Still, even by the however justifiably sadistic standards of The Voice, I doubt that anyone has ever been as cavalierly treated as Jules Feiffer, this paper's brightest and most precious ornament, indeed its most indispensable feature. I know I must be exaggerating somewhat, but it seems to be that "LITTLE MURDERS" has been perpetually panned in these pages ever since it first opened on Broadway in 1967. In Feiffer's case, however, more is involved than mere incestuous infighting. We all know Feiffer so well by now from his cartoons that we tend to oversimplify the aesthetic dynamics of his flight from strip to stage and now to screen. I would be more impressed by complaints about Feiffer's lack of flow and continuity and structure in other timely works of our time. More to the point is Feiffer's relative lucidity in a theatre adrift on a sea of ambiguity.
And now the movie. How good is it? Well, it is at least 5000 times better and funnier than "The Owl and the Pussycat." The cast is exemplary, with Marcia Rodd being especially scintillating as Feiffer's awe-inspiring vision of the irrationally New Yorkish girl who never knows how to give up, no pathetically mad housewife she. The manic spectacle of a household held together by its emotional contradiction is comically more convulsive than anything I have seen since Preston Sturges' "The Miracle of Morgan Creek." And there is also more mood and mystery than Feiffer is usually given credit for in the space between one panel and the next. It is not so much that Feiffer has attempted to expand the vision of his comic strips into a play and a movie as that there has always been more to the comic strips than we realized.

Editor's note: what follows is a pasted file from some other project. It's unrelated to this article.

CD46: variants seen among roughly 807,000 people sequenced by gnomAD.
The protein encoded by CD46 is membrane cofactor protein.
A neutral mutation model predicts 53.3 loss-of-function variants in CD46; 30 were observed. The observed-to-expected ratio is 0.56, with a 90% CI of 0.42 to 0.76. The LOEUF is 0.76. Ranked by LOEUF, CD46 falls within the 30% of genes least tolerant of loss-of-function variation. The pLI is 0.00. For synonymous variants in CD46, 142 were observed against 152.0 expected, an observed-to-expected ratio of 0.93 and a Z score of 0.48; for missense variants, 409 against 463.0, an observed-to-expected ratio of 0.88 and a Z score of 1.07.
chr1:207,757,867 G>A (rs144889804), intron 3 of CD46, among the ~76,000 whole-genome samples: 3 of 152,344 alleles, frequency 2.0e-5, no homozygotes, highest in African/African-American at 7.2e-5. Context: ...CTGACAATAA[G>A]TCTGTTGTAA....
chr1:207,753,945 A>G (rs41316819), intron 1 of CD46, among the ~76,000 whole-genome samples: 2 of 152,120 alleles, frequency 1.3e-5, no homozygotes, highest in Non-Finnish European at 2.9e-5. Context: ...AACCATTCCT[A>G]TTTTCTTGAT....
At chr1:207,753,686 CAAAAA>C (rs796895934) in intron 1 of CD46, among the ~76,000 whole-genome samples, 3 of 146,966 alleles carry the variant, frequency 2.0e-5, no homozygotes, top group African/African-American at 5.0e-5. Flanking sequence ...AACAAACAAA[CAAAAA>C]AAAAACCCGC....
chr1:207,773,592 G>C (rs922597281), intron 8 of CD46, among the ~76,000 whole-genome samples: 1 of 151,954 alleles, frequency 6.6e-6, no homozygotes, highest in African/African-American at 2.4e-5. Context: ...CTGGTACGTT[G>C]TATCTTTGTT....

Still, "Little Murders" does have problems even though I tend to prefer Feiffer's problems to Neil Simon's solutions. (At this point in their careers, it is proper to speak of Feiffer as the auteur of the movie version of "Little Murders" and Alan Arkin as the metteur-en-scene.) Arkin has been criticized somewhat for opening up the action so as to show that external world of which the besieged household is so terrified. But I think the problem goes much deeper than a stylistic tactic, no less deep in fact than Feiffer's own essentially homeless psyche. Feiffer is not really capable of imagining the ultimate comfort of a smugly, snugly middle-class existence. He has no atavistic attachment to rugs, chairs, shelves, appliances, wallpaper. Spiritually he cannot really stay put, perhaps because he has never been forced into a rhythmic pattern of getting out of the house.